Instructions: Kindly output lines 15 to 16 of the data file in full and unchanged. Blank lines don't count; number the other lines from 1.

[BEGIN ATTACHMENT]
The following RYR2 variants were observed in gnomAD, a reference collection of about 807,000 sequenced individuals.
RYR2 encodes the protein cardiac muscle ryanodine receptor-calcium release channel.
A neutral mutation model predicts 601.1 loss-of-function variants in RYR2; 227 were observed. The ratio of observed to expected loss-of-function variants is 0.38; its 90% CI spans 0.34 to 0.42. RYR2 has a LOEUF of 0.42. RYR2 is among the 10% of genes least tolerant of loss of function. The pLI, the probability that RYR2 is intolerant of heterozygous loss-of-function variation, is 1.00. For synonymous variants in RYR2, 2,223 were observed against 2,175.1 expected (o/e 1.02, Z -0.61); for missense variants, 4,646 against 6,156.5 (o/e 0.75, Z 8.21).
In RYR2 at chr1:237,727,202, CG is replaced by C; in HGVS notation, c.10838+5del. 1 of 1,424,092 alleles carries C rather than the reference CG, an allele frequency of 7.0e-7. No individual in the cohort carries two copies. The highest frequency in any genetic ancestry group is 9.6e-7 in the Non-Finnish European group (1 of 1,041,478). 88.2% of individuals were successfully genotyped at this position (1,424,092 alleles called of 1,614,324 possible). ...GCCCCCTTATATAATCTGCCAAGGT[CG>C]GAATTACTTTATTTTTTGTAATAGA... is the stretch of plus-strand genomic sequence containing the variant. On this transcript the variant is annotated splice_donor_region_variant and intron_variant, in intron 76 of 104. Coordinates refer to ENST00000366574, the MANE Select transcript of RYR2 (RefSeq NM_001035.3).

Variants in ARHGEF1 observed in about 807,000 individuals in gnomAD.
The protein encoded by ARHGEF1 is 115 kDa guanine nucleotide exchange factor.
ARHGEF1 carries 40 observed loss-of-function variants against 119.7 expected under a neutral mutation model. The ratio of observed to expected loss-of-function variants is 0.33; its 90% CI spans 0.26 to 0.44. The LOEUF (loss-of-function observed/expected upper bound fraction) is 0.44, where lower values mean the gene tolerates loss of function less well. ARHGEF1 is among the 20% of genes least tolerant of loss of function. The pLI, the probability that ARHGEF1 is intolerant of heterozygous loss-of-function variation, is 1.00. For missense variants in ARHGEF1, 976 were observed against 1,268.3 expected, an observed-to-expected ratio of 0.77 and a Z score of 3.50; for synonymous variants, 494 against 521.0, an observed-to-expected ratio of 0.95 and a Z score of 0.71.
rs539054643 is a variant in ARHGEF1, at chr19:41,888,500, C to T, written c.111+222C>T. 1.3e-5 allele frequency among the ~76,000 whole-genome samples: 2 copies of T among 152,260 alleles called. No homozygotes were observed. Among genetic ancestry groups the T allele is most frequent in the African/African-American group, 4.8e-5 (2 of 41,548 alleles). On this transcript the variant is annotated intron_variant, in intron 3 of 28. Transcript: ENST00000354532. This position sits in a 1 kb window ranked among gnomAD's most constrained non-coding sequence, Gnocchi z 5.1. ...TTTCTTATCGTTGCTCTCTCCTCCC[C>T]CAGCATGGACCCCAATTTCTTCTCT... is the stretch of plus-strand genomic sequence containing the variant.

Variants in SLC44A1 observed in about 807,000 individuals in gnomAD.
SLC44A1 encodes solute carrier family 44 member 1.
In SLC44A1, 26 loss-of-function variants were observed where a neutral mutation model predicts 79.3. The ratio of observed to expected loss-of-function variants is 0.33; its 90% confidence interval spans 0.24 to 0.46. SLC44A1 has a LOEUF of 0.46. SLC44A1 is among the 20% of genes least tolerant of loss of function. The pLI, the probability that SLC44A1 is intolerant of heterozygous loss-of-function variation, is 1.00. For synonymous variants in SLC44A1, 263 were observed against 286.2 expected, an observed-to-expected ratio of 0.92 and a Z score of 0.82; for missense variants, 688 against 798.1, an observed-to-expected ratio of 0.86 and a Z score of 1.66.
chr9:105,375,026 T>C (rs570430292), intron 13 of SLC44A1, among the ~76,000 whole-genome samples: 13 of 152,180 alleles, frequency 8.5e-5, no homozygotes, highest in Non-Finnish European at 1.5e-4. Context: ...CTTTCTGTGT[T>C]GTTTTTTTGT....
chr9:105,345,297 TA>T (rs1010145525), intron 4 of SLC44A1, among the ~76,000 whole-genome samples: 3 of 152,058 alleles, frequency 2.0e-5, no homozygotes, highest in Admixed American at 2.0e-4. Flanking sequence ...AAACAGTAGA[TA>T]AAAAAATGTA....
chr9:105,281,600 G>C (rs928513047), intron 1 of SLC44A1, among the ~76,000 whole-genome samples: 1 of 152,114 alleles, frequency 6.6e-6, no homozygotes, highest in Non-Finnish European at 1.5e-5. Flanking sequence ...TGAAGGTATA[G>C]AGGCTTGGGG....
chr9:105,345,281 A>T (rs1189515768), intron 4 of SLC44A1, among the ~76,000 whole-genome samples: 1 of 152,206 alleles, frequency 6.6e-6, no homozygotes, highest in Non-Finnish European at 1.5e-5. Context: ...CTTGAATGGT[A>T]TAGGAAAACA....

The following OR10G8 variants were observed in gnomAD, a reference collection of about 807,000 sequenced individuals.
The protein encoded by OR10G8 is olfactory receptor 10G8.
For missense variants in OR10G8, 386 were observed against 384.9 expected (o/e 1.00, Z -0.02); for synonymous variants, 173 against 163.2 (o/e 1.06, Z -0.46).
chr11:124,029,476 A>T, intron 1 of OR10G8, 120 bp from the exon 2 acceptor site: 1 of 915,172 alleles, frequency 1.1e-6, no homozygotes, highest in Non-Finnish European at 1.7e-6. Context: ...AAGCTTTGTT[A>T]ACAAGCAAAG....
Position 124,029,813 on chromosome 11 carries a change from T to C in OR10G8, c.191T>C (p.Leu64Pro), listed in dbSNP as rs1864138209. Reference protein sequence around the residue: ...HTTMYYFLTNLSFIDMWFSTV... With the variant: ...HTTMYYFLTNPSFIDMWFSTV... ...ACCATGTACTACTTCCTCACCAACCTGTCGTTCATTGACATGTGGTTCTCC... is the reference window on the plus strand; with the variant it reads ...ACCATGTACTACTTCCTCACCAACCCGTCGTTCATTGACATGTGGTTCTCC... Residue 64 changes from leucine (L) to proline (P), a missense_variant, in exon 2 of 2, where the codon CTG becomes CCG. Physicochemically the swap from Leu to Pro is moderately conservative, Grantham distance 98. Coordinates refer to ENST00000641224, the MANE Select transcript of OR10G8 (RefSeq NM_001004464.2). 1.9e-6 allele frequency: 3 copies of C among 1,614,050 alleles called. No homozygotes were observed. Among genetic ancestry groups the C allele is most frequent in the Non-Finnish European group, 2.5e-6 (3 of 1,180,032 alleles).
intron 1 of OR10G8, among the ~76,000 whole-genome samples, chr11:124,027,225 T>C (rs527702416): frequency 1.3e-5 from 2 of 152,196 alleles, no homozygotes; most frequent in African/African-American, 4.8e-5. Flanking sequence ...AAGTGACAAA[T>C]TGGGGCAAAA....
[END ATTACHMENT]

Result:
chr9:105,345,281 A>T (rs1189515768), intron 4 of SLC44A1, among the ~76,000 whole-genome samples: 1 of 152,206 alleles, frequency 6.6e-6, no homozygotes, highest in Non-Finnish European at 1.5e-5. Context: ...CTTGAATGGT[A>T]TAGGAAAACA....

The following OR10G8 variants were observed in gnomAD, a reference collection of about 807,000 sequenced individuals.